Our Founders implicitly understood the matter of the need for consistency in the value of coinage, and they took their responsibility seriously.  To this end, they wrote the Coinage Act of 1792, which established the value of the dollar at a very specific amount of gold of a very specific purity.  The dollar itself was not a coin, but it was a very specific unit of (value) measure.  It was the standard store of value for the coin of the realm.  They did indeed “regulate the value thereof” of the coin they were about to mint.  In due time, they also came to issue paper currency.  That they were aware of the perils of paper currency is illustrated in the following quote:  “That experience has demonstrated the impracticability, long to maintain a paper credit without funds for its redemption” (George Washington, in a letter to Lieutenant Colonel John Laurens on January 15, 1781).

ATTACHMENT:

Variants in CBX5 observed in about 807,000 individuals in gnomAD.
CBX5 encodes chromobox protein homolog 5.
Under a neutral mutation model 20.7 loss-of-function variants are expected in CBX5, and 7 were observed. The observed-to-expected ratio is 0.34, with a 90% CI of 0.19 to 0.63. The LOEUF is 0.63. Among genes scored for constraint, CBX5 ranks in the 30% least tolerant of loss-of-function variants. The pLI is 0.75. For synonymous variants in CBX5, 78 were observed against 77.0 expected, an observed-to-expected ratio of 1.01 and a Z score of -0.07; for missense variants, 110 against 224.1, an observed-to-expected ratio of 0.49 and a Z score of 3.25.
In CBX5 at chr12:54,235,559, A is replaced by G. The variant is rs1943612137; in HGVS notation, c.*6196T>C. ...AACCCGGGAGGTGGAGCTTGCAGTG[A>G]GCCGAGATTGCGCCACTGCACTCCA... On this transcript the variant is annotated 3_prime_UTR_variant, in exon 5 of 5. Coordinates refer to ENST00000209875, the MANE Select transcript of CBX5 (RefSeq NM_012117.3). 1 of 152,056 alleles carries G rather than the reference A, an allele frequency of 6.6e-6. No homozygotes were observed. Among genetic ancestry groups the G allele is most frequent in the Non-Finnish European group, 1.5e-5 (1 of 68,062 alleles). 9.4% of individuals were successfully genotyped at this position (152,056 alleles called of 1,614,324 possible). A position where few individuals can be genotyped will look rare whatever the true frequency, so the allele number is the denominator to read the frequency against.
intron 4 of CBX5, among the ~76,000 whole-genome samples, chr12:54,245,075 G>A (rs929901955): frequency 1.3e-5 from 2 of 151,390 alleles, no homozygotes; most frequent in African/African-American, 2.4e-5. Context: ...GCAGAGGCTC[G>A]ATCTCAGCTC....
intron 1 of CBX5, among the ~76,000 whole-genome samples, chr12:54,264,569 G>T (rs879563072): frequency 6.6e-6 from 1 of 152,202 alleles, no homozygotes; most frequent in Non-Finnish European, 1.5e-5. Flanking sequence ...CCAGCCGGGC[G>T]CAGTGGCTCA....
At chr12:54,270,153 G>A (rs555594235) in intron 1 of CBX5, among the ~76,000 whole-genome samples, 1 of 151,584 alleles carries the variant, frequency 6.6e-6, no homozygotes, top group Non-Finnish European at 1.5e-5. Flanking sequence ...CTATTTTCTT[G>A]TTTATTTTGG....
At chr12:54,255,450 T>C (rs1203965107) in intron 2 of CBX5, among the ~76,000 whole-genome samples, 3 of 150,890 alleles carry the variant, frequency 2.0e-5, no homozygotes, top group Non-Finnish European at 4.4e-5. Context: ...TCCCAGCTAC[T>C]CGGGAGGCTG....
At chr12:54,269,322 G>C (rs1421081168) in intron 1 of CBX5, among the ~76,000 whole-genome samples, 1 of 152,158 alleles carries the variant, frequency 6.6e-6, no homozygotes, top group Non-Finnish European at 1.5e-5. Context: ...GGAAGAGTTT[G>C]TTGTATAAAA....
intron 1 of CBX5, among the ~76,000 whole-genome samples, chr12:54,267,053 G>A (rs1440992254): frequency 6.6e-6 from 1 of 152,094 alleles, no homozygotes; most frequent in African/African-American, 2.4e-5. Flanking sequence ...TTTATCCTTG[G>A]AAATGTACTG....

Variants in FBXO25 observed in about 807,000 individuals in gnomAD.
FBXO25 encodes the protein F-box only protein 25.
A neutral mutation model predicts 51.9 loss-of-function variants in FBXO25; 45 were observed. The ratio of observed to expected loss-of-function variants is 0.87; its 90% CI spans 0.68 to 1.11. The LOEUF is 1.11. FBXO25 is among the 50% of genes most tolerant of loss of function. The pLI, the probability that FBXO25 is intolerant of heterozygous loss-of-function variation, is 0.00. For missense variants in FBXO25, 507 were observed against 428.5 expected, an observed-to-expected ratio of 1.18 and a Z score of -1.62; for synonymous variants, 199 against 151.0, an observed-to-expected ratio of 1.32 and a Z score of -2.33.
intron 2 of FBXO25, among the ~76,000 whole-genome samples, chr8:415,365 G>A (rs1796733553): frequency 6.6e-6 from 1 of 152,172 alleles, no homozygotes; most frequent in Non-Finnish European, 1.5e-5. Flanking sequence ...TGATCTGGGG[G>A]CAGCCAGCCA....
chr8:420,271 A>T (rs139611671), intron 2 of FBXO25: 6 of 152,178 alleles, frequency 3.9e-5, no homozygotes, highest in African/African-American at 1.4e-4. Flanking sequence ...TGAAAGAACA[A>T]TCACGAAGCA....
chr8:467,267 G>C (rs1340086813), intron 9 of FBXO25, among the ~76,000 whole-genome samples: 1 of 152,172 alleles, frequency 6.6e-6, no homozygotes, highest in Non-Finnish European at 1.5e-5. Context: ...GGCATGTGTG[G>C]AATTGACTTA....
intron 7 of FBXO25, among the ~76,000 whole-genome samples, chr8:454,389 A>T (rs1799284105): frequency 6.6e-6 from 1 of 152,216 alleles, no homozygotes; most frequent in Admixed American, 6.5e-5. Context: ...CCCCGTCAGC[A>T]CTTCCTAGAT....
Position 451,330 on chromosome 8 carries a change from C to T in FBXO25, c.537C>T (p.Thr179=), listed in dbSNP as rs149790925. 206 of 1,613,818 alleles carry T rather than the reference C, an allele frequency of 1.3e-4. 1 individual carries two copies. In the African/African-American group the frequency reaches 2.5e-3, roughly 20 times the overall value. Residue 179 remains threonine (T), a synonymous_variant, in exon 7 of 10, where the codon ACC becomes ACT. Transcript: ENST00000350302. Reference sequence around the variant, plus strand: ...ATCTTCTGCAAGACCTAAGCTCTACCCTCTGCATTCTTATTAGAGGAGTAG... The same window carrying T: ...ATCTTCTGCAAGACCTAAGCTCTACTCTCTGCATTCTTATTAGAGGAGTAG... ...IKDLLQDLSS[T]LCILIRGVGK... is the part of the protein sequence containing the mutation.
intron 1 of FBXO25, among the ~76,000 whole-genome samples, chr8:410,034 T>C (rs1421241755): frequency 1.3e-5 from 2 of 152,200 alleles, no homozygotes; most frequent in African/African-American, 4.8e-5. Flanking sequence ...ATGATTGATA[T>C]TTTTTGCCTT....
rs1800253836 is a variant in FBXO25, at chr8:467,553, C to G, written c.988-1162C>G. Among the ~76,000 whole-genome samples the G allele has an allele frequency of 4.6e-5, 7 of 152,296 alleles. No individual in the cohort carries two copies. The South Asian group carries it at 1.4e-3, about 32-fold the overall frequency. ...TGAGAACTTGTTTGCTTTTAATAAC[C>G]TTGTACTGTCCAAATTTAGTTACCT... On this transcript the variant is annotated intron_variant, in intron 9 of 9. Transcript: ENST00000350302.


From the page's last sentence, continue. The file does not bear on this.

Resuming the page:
Washington, as well as many others, was well aware that for a paper currency to hold its store of value, it had to be redeemable by something that did hold its store of value, that being precious metal.  He further understood that it was necessary for government to maintain adequate “funds” for that purpose — that purpose being the actual redemption of the paper currency for gold.  Therefore, the paper currency they issued was in the form of gold certificates.  Eventually, it came to pass that they established a firm relationship between gold and silver, and they issued silver certificates.  Though the metal was now sometimes different, the principle was maintained.  It is my recollection that the gold certificates were recalled sometime in the thirties, and the silver certificates were recalled in the sixties.  Today we are left with FRNs (Federal Reserve Notes), which are redeemable in . . . I know not what.  Take note of the change from the certificate of something of value to a note of indebtedness.  That’s right; the word “note” doesn’t mean “to be aware of, or a memo.”  It is a “note,” as in when you go to the bank and sign a note of indebtedness to borrow funds.  Originally, we put paper money into circulation based upon an already held real asset (precious metal).  Now we put paper money into circulation by “we the people” borrowing it.  That is, the money is created first, on our word that we will create an asset to repay it.  Why was this method of introducing paper currency into circulation chosen?  From whom are we borrowing the money?  This question isn’t as simple as it might first appear.  What does it all mean?  For these questions, I have no ready answers.  I just know I have a real uneasy feeling that we’re in trouble.